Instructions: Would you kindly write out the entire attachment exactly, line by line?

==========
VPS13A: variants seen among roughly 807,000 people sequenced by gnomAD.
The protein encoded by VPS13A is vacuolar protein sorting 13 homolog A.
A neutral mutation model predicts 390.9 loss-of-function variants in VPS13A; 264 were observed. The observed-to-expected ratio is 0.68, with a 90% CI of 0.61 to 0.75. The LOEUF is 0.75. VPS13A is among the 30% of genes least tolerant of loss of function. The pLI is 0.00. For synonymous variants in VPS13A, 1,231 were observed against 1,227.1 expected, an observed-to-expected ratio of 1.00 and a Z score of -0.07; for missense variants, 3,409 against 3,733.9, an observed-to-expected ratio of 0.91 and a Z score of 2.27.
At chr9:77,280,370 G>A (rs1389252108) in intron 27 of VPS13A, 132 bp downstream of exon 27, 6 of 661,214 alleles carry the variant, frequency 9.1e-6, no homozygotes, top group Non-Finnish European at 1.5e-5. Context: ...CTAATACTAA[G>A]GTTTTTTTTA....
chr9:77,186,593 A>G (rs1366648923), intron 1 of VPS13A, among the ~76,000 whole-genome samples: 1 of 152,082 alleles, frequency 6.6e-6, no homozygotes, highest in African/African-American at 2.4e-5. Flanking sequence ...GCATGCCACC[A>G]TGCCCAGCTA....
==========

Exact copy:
VPS13A: variants seen among roughly 807,000 people sequenced by gnomAD.
The protein encoded by VPS13A is vacuolar protein sorting 13 homolog A.
A neutral mutation model predicts 390.9 loss-of-function variants in VPS13A; 264 were observed. The observed-to-expected ratio is 0.68, with a 90% CI of 0.61 to 0.75. The LOEUF is 0.75. VPS13A is among the 30% of genes least tolerant of loss of function. The pLI is 0.00. For synonymous variants in VPS13A, 1,231 were observed against 1,227.1 expected, an observed-to-expected ratio of 1.00 and a Z score of -0.07; for missense variants, 3,409 against 3,733.9, an observed-to-expected ratio of 0.91 and a Z score of 2.27.
At chr9:77,280,370 G>A (rs1389252108) in intron 27 of VPS13A, 132 bp downstream of exon 27, 6 of 661,214 alleles carry the variant, frequency 9.1e-6, no homozygotes, top group Non-Finnish European at 1.5e-5. Context: ...CTAATACTAA[G>A]GTTTTTTTTA....
chr9:77,186,593 A>G (rs1366648923), intron 1 of VPS13A, among the ~76,000 whole-genome samples: 1 of 152,082 alleles, frequency 6.6e-6, no homozygotes, highest in African/African-American at 2.4e-5. Flanking sequence ...GCATGCCACC[A>G]TGCCCAGCTA....